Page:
I can only guess at your reasons for not coming to church regularly or for not coming to church at all: Perhaps you have been hurt by the church, by the institution itself or by one of its priests or ministers. Perhaps you have been one of those who have experienced it as callous, as insensitive, as denigrating you in some way. Or perhaps you are intellectually disenchanted with the church, unable to square its claims with your own sane grip on life and its mysteries. Or perhaps you have found what you are looking for elsewhere, outside the doors of the church you attended when you were little. Or perhaps you have just drifted away and don't think about church very much at all. Perhaps you don't feel a need for church in your life. Or, perhaps you are convinced that Jesus and his teachings are in fact tainted by the church, that Jesus never wanted to found a church, but wanted only that people take his teachings to heart and live in love and graciousness. There are many reasons why people don't go to church. I can only guess at yours.

But your reason for not going is not important for this letter. I don't want to defend the church here, make some kind of apologetics for it, or argue against any of the reasons that people give for not coming to church. And I don't want to try to show you reasons why, I think, it is important to go to church. This I not an apologetics, but a plea, an invitation:

Come back! Try us again! Or, if you have never belonged to the church, try us!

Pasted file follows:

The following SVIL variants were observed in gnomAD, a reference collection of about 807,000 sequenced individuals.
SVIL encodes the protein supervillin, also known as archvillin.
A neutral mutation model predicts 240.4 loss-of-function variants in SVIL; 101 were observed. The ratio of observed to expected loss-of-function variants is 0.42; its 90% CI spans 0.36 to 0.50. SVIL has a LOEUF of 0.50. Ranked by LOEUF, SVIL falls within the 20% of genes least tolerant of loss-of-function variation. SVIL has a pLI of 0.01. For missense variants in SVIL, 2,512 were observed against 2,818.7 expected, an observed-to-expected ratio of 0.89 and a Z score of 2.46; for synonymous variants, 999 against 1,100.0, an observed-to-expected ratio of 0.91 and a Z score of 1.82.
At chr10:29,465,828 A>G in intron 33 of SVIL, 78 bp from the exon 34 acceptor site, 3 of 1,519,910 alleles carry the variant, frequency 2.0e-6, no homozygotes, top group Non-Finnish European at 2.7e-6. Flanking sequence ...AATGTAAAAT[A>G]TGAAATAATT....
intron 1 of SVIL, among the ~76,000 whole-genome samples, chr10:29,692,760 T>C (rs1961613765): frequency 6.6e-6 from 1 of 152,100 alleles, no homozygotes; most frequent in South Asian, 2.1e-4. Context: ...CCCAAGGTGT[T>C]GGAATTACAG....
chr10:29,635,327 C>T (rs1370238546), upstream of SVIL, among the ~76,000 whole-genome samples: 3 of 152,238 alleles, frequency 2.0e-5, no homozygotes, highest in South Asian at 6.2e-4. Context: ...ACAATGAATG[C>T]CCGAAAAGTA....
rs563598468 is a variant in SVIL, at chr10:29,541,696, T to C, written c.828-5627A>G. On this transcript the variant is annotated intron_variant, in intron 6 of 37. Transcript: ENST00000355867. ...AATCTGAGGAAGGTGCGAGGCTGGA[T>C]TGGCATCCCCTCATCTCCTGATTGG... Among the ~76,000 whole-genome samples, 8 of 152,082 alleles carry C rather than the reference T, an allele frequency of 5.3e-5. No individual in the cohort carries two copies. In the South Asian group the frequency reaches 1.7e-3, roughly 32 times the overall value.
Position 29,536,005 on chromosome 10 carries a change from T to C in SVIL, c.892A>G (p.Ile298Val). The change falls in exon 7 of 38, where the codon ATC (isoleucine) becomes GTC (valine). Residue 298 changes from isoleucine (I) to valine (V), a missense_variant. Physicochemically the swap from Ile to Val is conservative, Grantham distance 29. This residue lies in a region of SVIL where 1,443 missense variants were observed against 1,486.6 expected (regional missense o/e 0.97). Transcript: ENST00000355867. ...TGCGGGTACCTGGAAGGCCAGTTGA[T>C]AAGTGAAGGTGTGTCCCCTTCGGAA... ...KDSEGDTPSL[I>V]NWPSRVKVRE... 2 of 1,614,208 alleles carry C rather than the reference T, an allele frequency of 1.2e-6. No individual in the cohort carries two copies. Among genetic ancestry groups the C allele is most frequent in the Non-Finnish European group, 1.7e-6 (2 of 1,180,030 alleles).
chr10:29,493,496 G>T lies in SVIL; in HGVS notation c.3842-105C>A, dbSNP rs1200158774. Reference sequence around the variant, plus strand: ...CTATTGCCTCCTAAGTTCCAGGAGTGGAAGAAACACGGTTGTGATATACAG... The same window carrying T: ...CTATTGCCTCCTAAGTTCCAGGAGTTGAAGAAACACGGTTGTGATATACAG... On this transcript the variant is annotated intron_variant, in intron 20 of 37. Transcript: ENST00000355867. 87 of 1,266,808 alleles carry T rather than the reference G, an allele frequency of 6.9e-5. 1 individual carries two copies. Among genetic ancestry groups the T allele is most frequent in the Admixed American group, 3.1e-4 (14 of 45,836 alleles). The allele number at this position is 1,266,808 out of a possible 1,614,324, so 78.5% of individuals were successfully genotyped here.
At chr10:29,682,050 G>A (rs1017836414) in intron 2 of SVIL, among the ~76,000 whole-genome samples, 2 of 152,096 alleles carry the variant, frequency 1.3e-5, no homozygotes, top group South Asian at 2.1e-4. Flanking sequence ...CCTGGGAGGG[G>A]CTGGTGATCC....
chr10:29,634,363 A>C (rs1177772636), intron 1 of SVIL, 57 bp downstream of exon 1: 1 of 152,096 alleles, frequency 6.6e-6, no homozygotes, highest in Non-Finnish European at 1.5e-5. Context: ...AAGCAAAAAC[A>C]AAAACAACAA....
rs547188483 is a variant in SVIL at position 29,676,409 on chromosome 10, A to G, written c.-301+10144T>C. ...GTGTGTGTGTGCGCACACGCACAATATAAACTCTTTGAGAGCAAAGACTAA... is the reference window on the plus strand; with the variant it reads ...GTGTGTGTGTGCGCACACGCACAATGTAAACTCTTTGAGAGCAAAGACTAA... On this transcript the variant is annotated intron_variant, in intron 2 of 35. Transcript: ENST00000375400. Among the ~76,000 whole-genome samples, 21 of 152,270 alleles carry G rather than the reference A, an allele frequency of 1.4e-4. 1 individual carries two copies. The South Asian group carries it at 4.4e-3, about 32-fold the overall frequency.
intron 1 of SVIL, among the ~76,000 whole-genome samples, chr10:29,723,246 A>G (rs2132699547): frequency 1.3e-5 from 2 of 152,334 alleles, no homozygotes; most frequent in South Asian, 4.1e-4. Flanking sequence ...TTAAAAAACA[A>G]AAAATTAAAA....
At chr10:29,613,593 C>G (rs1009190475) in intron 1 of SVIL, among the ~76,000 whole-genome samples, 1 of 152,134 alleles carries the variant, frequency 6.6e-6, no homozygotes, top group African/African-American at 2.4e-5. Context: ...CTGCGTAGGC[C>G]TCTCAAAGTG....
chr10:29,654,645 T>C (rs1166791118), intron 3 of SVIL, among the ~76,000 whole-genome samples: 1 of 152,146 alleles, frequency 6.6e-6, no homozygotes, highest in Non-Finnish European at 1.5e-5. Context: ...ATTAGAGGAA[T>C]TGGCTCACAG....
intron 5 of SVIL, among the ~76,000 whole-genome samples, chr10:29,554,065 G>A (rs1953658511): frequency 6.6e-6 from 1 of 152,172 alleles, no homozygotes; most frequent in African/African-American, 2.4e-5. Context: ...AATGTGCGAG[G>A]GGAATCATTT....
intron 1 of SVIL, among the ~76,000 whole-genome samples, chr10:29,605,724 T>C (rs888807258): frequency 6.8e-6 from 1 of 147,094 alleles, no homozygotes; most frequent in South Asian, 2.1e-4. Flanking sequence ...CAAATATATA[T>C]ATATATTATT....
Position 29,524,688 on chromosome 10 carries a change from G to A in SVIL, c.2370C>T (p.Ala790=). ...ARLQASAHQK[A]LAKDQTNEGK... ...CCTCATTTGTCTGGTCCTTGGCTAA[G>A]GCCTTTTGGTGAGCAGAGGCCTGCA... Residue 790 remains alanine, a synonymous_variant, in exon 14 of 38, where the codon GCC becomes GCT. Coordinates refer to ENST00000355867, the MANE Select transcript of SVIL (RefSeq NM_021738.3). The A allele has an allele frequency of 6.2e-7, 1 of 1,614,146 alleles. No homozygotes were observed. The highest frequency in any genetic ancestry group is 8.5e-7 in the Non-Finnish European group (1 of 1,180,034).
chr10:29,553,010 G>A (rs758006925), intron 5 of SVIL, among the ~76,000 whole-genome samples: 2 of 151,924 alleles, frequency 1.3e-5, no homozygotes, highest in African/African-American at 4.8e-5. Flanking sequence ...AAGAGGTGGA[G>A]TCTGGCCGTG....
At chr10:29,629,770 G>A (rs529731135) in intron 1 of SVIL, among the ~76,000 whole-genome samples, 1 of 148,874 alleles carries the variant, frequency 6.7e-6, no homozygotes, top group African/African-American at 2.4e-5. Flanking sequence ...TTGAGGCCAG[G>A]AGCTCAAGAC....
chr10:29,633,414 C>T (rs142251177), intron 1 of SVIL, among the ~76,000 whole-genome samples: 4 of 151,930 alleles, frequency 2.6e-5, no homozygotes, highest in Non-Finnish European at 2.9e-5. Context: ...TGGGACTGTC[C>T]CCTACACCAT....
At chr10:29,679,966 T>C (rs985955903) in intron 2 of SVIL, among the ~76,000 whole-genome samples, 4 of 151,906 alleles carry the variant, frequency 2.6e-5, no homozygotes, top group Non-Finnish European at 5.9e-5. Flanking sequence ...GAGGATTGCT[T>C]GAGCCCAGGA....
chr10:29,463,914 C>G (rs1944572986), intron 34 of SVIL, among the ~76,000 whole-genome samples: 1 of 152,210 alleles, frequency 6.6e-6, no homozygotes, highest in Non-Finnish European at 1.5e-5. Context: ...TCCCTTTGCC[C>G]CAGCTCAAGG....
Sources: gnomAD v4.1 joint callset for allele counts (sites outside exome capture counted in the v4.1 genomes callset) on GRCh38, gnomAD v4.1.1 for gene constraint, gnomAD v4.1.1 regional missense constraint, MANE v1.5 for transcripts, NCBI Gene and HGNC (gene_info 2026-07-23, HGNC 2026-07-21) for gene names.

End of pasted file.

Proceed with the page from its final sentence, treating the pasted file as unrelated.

Maybe this time you will find life in the church and be able to drink in some of its graces. Maybe this time you will find it in you to forgive the church for its faults, see those faults are your own faults, and see why Jesus picked such an imperfect vehicle to carry on his presence. Maybe this time you will be able to see in the church what Jesus saw in it - an imperfect body made up of men and women like you and me, full of sin, full of ourselves, petty, small-hearted, less-than- sincere, miserly, and tainted, but also full of grace, full of Christ, big-hearted, sincere, generous, and pure, a group of men and women worth dying for - and belonging to. Come be with us!

A fellow pilgrim and a flawed church member.

Sunday, March 14, 2010

Universal health care tends to cut the abortion rate

I don't agree with everything in this article, but the basic argument is compelling. - FT
By T.R. Reid
Sunday, March 14, 2010; Washington Post, A19 
Countless arguments have been advanced for and against the pending bills to increase health-care coverage. Both sides have valid concerns, which makes the battle tight. But one prominent argument is illogical. The contention that opponents of abortion should oppose the current proposals to expand coverage simply doesn't make sense.

Increasing health-care coverage is one of the most powerful tools for reducing the number of abortions -- a fact proved by years of experience in other industrialized nations. All the other advanced, free-market democracies provide health-care coverage for everybody. And all of them have lower rates of abortion than does the United States.

This is not a coincidence. There's a direct connection between greater health coverage and lower abortion rates. To oppose expanded coverage in the name of restricting abortion gets things exactly backward. It's like saying you won't fix the broken furnace in a schoolhouse because you're against pneumonia. Nonsense! Fixing the furnace will reduce the rate of pneumonia. In the same way, expanding health-care coverage will reduce the rate of abortion.

At least, that's the lesson from every other rich democracy.